How have we got here? A question I often find myself asking, whatever our views on the challenges we face in our communities. What has stirred up so much animosity, hostility and, hatred? It is a darkness that strikes at the heart. A hatred I have known to have existed in the few but not the many. The grumpy uncle, or neighbour who lazily points the finger at everybody else for their troubles while fearfully avoiding the hallway mirror. Last Sunday evening I spent over 2 hours in a public meeting trying to discuss the merits and genuine concerns of a proposed winter shelter for the homeless in my neighbourhood. These issues are always sensitive, often the catalyst for bringing the worst out of people with locals exasperated by the weak administration of the consultation process managed by the City Council. Yet, none of this provided any justification for the uncontrolled rage, and venom aimed at those most vulnerable in our community who face the threat of freezing to death over the winter periods.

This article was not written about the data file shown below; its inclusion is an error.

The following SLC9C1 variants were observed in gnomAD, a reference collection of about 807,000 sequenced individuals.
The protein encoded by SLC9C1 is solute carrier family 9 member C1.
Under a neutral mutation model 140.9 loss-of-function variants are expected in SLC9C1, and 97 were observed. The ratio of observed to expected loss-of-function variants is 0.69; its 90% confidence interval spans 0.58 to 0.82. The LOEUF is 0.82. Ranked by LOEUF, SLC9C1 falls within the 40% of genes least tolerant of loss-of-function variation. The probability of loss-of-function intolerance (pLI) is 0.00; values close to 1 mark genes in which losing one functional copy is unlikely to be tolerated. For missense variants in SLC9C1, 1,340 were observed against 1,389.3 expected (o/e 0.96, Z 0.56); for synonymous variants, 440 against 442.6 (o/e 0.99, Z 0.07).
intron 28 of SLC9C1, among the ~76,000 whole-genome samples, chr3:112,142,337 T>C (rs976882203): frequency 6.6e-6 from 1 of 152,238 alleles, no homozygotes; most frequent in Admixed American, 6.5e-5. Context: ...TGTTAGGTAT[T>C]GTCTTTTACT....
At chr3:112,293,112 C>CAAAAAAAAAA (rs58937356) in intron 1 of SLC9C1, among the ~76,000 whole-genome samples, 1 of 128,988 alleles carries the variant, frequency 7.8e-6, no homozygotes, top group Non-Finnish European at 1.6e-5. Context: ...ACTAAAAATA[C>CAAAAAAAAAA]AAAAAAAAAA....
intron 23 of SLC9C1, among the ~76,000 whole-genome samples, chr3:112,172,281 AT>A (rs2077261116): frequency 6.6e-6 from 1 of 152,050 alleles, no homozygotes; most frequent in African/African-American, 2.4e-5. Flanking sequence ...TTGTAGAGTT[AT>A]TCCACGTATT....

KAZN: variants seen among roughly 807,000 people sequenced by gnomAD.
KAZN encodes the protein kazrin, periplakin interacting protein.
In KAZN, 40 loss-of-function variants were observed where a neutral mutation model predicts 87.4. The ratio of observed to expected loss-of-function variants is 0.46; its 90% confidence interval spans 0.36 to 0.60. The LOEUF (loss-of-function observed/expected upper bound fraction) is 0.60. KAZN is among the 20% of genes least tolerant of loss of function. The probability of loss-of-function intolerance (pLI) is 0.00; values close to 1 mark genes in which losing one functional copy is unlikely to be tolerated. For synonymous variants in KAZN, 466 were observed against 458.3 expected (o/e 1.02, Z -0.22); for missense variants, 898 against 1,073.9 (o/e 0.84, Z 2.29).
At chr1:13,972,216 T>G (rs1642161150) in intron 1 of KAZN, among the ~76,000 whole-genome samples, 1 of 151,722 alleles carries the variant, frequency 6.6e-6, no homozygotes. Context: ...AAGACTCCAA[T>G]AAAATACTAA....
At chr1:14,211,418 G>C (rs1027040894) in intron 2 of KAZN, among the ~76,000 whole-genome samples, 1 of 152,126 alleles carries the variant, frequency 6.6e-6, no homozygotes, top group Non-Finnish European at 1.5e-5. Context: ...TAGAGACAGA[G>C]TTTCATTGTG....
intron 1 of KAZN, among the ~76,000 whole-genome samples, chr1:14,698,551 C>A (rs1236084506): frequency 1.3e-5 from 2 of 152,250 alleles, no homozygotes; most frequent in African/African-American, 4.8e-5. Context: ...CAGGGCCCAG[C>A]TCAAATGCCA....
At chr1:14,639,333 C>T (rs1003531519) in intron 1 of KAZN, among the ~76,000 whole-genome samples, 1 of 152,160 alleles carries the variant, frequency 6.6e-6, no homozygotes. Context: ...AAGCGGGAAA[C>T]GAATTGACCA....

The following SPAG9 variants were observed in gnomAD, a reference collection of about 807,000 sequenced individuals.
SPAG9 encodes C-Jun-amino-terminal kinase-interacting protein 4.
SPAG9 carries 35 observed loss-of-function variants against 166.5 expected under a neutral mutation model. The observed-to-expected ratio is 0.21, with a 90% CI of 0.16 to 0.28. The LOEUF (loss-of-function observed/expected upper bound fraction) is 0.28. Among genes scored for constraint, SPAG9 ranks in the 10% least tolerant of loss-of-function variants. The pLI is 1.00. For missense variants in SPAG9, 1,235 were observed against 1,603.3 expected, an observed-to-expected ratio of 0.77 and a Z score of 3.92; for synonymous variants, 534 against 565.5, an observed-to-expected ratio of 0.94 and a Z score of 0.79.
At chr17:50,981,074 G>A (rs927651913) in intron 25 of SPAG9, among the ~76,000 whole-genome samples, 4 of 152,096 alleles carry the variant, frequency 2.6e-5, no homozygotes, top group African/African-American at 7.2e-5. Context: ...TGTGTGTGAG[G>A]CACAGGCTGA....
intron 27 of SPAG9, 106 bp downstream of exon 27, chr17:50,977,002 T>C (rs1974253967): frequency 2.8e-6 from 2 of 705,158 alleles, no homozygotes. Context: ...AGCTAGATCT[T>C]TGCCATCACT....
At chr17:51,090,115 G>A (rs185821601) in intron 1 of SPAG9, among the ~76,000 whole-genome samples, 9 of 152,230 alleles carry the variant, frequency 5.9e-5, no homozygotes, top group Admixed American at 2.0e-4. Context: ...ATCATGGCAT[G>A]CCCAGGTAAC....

The demands for the council to compensate people for a perceived loss of house value, if the project were to be granted, is one thing and a concern for personal safety is another, these are entirely natural concerns. The council must calmly explain how it will help mitigate these factors, justified or not.  How these adult discussions are able to take place in an environment of open hostility, lack of humanity and outright appalling behaviour is frankly beyond me. At one point I turned to witnesses a group of people poised continuously to interrupt when breath was taken by anybody else contributing to the meeting, tightly clenched hands, a reddening and angry facial expression, like volcanos awaiting explosion. This is not a legitimate expression of concern, but an embolden confident disregard for anybody else. In part a small reflection of where we are as a people at the moment, polarised and unable to reach out, share and lacking any empathy. A smaller reflection of what Gina Miller is relaying tonight.